Legislation proposed to grant psychologists prescribing previleges

A number of states now have legislative proposals to allow psychologists to prescribe pharmaceuticals. American Medical News has a story on the subject; Psychologists seek prescribing rights in 6 states.

Psychologists in six states are seeking the authority to prescribe drugs, saying it would allow them to serve patients better in a mental health system stretched thin without enough physicians to meet growing demands.

Although this number is only 6 now, I would imagine that if they have any success in this maneuvering the number of states with psychologists pressing for such legislation will go up.

The 6 states considering allowing psychologists to prescribe these powerful brain damaging drugs are Arizona, Hawaii, Montana, New Jersey, Oregon and Tennessee. The legislation is opposed by many organizations including the American Medical Association, the American Psychiatric Association, and most state medical organizations. Only the states of Louisiana and New Mexico allow this practice now.

When people in mental health treatment, according to one study, are dying 25 years younger than the rest of the population, due in large part to the drugs that they are being prescribed, I find this effort to grant prescribing privileges to psychologists very distressing. Now that the role of psychiatrist has become one chiefly of pushing pills, the matter could only be exasperated by permitting psychologists to play the same or a similar role.

Proponents of the bills say patients in many areas can’t access mental health services in a timely manner. Shortages of child psychiatrists mean that many families wait months to get needed medication for their children, and many pediatricians are reluctant to prescribe psychotropic drugs, said Katherine C. Nordal, PhD, executive director for professional practice at the American Psychological Assn.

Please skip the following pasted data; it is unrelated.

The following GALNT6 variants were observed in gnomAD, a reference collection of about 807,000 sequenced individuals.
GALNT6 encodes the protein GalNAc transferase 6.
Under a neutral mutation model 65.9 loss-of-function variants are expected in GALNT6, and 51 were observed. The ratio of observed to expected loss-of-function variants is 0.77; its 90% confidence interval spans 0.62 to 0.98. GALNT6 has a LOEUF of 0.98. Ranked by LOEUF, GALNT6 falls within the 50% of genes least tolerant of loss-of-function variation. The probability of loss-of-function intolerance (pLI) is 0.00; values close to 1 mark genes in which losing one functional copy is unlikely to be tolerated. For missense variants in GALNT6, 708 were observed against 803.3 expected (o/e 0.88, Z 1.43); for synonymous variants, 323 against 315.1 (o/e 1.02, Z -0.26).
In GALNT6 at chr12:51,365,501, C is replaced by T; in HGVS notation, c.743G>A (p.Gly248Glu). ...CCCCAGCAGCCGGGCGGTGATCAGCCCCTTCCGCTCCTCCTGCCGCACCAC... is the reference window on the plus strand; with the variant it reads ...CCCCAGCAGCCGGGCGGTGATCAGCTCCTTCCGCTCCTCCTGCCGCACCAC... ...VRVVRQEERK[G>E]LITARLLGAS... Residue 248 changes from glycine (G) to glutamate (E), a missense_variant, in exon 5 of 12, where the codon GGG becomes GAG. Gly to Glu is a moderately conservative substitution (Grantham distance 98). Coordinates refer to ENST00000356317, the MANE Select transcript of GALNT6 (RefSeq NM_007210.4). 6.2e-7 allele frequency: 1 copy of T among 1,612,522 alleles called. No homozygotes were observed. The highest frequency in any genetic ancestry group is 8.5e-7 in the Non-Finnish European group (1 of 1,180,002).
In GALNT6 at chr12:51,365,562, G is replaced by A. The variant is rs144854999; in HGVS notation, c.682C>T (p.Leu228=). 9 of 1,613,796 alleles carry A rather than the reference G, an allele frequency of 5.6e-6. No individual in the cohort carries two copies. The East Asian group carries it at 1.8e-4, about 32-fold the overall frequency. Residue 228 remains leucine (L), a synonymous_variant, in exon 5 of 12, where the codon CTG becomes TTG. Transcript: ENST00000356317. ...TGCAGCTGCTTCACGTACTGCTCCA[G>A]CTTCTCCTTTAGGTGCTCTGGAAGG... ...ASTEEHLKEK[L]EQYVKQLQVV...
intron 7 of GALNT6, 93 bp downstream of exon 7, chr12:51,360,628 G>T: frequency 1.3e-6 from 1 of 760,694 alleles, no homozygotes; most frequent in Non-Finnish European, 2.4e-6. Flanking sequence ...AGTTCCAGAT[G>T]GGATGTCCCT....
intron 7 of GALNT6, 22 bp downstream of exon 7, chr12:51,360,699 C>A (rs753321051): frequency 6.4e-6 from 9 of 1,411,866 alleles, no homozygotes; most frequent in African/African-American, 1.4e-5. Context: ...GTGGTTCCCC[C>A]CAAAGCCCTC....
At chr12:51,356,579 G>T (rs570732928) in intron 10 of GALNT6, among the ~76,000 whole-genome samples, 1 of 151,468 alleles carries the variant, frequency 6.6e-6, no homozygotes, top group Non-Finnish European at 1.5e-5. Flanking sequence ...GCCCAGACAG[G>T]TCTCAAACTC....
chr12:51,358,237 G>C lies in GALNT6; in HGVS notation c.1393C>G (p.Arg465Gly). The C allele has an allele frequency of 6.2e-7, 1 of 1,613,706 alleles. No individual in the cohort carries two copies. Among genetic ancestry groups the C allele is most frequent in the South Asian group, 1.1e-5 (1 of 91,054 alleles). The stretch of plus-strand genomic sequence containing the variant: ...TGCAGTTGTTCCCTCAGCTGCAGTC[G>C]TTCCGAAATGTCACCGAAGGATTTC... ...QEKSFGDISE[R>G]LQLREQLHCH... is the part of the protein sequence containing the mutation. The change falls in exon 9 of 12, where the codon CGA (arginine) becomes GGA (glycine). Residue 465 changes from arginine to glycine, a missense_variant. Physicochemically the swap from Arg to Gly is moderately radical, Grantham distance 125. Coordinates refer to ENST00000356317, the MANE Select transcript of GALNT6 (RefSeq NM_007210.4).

The official line is that this has something to do with improving access to mental health services in rural areas. The reality of the situation is that this has more to do with psychologists as a professional block making a power grab for some of the status and economic clout that psychiatrists have traditionally known. Undoubtedly, where psychologists are allowed prescribing privileges, the same kind of corruption that exists among psychiatrists will make itself felt. Psychologists are not immune from conflict of interest charges, and you will begin to see their names appearing on drug company payrolls.

Allowing psychologists to prescribe psychiatric drugs would be a bad decision, and I would discourage other states from pursuing this sort of legislation. I hope these bills are soundly defeated in the states where they are being proposed. Psychiatric drugs are often ineffective in so far as treatment goes, and they are also potentially damaging to a patient’s physical health. We’ve got more than enough drug induced problems than we can handle with psychiatrists alone prescribing these powerful drugs. Allowing another profession to peddle them would only mean more people get harmed.